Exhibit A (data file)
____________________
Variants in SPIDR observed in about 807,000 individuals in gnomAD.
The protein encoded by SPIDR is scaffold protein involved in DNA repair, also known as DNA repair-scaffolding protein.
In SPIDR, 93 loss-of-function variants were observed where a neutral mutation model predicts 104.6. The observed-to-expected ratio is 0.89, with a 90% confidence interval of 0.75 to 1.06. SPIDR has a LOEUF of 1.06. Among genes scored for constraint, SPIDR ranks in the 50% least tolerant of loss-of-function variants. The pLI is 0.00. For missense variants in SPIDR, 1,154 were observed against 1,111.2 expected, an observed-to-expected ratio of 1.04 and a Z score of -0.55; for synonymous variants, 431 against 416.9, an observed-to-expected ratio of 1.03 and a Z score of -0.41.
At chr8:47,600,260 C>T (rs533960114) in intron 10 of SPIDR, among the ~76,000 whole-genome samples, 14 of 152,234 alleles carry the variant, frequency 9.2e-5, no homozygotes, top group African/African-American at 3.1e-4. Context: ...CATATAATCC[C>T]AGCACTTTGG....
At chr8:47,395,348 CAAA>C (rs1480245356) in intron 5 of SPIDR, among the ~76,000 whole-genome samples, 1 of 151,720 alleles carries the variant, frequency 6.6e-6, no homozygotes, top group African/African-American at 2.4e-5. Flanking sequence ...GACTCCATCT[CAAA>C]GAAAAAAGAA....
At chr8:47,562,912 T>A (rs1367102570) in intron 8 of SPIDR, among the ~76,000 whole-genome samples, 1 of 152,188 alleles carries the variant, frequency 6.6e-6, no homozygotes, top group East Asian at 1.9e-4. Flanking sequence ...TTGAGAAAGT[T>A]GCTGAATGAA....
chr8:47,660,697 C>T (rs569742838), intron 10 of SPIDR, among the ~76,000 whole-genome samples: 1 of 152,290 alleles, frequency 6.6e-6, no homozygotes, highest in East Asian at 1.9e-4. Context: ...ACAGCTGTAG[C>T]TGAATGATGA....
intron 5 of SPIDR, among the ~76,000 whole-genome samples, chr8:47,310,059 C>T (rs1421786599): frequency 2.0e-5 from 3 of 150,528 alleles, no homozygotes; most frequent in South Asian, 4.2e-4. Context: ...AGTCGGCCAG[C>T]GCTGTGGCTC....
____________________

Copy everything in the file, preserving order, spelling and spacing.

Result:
Variants in SPIDR observed in about 807,000 individuals in gnomAD.
The protein encoded by SPIDR is scaffold protein involved in DNA repair, also known as DNA repair-scaffolding protein.
In SPIDR, 93 loss-of-function variants were observed where a neutral mutation model predicts 104.6. The observed-to-expected ratio is 0.89, with a 90% confidence interval of 0.75 to 1.06. SPIDR has a LOEUF of 1.06. Among genes scored for constraint, SPIDR ranks in the 50% least tolerant of loss-of-function variants. The pLI is 0.00. For missense variants in SPIDR, 1,154 were observed against 1,111.2 expected, an observed-to-expected ratio of 1.04 and a Z score of -0.55; for synonymous variants, 431 against 416.9, an observed-to-expected ratio of 1.03 and a Z score of -0.41.
At chr8:47,600,260 C>T (rs533960114) in intron 10 of SPIDR, among the ~76,000 whole-genome samples, 14 of 152,234 alleles carry the variant, frequency 9.2e-5, no homozygotes, top group African/African-American at 3.1e-4. Context: ...CATATAATCC[C>T]AGCACTTTGG....
At chr8:47,395,348 CAAA>C (rs1480245356) in intron 5 of SPIDR, among the ~76,000 whole-genome samples, 1 of 151,720 alleles carries the variant, frequency 6.6e-6, no homozygotes, top group African/African-American at 2.4e-5. Flanking sequence ...GACTCCATCT[CAAA>C]GAAAAAAGAA....
At chr8:47,562,912 T>A (rs1367102570) in intron 8 of SPIDR, among the ~76,000 whole-genome samples, 1 of 152,188 alleles carries the variant, frequency 6.6e-6, no homozygotes, top group East Asian at 1.9e-4. Flanking sequence ...TTGAGAAAGT[T>A]GCTGAATGAA....
chr8:47,660,697 C>T (rs569742838), intron 10 of SPIDR, among the ~76,000 whole-genome samples: 1 of 152,290 alleles, frequency 6.6e-6, no homozygotes, highest in East Asian at 1.9e-4. Context: ...ACAGCTGTAG[C>T]TGAATGATGA....
intron 5 of SPIDR, among the ~76,000 whole-genome samples, chr8:47,310,059 C>T (rs1421786599): frequency 2.0e-5 from 3 of 150,528 alleles, no homozygotes; most frequent in South Asian, 4.2e-4. Context: ...AGTCGGCCAG[C>T]GCTGTGGCTC....